Lesson 19 – RGB LED


Tutorial

1. Introduction
We have controlled the color change of RGB light by controlling the raspberry pi. To achieve RGB LED controlling, it needs 3-channel PWM, while raspberry pi only has one way hardware PWM output (GPIO1). In the experiment, we use the wiringPi library to configure GPIO0, GPIO1, GPIO2 as soft PWM output.

2. Hardware Required

  • RGB – LED *1
  • 220Ω Resistor *3
  • RPI GPIO Shield *1
  • 40Pin Colorful Ribbon Cable *1
  • USB Cable*1
  • Breadboard*1
  • Raspberry Motherboard*1
  • Jumper Wire*Several

3. Connection Diagram

4. Programming

  • a. Use winSCP to put the lesson18_RGB_LED into the lesson folder of raspberry system.
    b. In the terminal input cd lesson18_RGB_LED to enter the folder.
    c. In the terminal execute make to generate an RGB_LED executable file inside the folder.
    d. Wiring as the above diagram, then enter the lesson18_RGB_LED folder, execute sudo ./RGB_LED at the terminal.
    RGB light will display different colors.
    e. Ctrl + c can exit the processing program.

5. Sample Code

The first four lines below are –

  • #include <stdio.h>
  • #include <softPwm.h>
  • #include <stdint.h>
  • #include <wiringPi.h>
 

#include 
#include   
#include   
#include   
  
#define LedPinRed    0  
#define LedPinGreen  1  
#define LedPinBlue   2  
  
int colors[] = {0xFF0000, 0x00FF00, 0x0000FF, 0xFFFF00, 0x00FFFF, 0xFF00FF, 0xFFFFFF, 0x9400D3};  
  
/****************************************************************************************** 
*A number is linear mapped from a range to another one, for example, a number from 0 to 100 is mapped to 0 ~ 255. 
******************************************************************************************/  
int map(int x, int in_min, int in_max, int out_min, int out_max)     
{  
    return (x -in_min) * (out_max - out_min) / (in_max - in_min) + out_min;  
}  
  
void ledInit(void)  
{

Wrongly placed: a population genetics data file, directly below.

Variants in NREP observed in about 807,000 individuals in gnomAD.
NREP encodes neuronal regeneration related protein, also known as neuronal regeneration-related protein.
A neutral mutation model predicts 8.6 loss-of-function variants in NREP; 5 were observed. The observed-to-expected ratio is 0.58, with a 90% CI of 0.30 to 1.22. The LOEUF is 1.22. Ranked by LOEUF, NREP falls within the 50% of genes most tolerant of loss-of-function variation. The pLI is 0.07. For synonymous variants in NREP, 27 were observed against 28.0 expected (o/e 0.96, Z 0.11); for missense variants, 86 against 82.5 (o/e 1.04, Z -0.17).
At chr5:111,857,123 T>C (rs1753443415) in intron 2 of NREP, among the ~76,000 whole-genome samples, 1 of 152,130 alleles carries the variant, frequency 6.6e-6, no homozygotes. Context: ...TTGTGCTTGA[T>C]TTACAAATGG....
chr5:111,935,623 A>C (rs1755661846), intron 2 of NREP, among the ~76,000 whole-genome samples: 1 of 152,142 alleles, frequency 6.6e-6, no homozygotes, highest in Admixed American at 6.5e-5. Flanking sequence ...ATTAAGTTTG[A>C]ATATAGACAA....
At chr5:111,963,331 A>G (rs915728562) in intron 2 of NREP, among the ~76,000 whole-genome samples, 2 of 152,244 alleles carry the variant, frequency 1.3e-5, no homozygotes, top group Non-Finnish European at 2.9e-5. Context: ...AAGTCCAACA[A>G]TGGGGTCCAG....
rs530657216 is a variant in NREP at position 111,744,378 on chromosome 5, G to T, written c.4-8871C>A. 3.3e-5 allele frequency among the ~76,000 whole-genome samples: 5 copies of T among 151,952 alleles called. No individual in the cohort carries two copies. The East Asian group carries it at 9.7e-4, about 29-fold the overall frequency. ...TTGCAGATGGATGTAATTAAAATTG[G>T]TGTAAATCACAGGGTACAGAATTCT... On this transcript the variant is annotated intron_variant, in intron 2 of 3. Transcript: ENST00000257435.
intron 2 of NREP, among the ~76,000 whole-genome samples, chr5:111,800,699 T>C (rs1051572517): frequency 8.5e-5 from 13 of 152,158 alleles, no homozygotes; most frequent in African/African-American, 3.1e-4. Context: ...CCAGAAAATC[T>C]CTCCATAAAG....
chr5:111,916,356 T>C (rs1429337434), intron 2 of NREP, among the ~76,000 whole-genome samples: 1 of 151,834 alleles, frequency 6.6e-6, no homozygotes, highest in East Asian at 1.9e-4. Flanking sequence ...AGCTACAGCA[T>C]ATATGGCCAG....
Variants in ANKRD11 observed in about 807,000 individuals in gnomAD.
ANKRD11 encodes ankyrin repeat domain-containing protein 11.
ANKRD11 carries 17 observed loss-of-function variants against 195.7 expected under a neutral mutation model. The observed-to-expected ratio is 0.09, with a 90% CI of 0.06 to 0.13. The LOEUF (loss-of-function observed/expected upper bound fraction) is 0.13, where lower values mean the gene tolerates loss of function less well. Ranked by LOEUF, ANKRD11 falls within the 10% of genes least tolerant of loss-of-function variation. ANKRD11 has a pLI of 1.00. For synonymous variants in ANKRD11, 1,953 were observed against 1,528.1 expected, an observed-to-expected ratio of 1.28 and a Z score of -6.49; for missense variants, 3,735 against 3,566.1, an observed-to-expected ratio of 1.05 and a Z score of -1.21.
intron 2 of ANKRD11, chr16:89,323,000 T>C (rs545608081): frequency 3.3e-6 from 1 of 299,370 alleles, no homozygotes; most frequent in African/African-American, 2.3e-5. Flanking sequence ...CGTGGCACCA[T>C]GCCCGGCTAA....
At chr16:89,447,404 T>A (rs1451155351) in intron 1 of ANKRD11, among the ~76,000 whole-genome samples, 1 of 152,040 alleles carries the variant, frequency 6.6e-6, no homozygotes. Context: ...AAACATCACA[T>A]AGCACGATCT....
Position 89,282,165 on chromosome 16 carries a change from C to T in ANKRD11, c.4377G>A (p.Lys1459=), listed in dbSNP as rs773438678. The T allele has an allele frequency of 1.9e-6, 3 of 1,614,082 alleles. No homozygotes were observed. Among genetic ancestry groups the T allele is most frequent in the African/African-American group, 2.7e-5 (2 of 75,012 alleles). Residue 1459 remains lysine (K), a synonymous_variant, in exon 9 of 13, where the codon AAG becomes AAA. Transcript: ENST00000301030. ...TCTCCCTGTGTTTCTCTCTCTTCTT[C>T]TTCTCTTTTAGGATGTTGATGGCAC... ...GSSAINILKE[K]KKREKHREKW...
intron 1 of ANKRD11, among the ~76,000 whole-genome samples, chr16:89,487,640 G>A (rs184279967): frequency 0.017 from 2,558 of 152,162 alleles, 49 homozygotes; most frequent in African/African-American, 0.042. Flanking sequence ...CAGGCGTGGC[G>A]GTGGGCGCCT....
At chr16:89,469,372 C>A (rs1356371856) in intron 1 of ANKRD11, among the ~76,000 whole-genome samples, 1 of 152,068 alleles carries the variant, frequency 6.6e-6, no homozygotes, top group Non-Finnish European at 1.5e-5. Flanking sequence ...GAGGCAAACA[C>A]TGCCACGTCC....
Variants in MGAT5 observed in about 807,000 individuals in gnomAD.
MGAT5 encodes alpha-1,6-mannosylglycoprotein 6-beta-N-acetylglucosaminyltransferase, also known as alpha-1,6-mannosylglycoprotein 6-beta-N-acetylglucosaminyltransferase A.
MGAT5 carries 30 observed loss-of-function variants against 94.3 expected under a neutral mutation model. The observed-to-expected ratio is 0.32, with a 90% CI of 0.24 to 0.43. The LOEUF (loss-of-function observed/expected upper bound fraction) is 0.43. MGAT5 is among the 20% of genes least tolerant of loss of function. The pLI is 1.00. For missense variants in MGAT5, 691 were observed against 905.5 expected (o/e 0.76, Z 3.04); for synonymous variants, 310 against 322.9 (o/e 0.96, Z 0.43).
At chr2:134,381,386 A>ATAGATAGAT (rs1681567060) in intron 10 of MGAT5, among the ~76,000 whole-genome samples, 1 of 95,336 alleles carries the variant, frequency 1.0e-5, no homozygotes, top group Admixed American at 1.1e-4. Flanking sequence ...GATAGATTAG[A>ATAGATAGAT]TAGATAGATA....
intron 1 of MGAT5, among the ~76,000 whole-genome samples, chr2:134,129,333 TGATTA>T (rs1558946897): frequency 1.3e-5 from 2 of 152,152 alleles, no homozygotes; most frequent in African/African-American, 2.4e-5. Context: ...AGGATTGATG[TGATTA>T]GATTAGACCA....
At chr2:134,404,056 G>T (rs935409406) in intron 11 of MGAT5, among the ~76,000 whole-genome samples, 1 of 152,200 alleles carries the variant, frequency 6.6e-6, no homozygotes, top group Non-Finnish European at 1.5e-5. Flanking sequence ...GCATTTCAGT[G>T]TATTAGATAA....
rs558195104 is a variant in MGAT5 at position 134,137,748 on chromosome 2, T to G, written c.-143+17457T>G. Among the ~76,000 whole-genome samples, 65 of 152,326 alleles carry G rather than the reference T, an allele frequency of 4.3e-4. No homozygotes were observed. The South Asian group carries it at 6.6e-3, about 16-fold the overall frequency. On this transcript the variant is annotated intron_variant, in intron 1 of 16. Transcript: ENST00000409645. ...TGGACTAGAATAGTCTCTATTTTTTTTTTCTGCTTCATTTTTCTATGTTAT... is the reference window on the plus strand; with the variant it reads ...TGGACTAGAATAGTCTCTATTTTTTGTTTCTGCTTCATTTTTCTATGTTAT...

softPwmCreate(LedPinRed,  0, 100);  //create a soft pwm, original duty cycle is 0Hz, range is 0~100   
    softPwmCreate(LedPinGreen,0, 100);  
    softPwmCreate(LedPinBlue, 0, 100);  
}  
  
void ledColorSet(int color)        //set color, for example: 0xde3f47  
{  
    int r_val, g_val, b_val;  
  
    r_val = (color & 0xFF0000) >> 16;  //get red value  
    g_val = (color & 0x00FF00) >> 8;   //get green value  
    b_val = (color & 0x0000FF) >> 0;   //get blue value  
  
    r_val = map(r_val, 0, 255, 0, 100);   //change a num(0~255) to 0~100  
    g_val = map(g_val, 0, 255, 0, 100);  
    b_val = map(b_val, 0, 255, 0, 100);  
      
    softPwmWrite(LedPinRed,   100 - r_val);  //change duty cycle  
    softPwmWrite(LedPinGreen, 100 - g_val);  
    softPwmWrite(LedPinBlue,  100 - b_val);  
}  
  
int main(void)  
{  
    int i;  
  
    if(wiringPiSetup() == -1){      //when initialize wiringPi failed, print message to screen  
        printf("setup wiringPi failed !\n");  
        return 1;   
    }  
  
    ledInit();  
  
    while(1){  
        for(i = 0; i < sizeof(colors)/sizeof(int); i++){  
            ledColorSet(colors[i]);  
            delay(500);  
        }  
    }  
  
    return 0;  
}

 

Prerequisites

  1. This development track is based on the Rasbperry Pi and the Ultimate Starter Kit for the Raspberry Pi.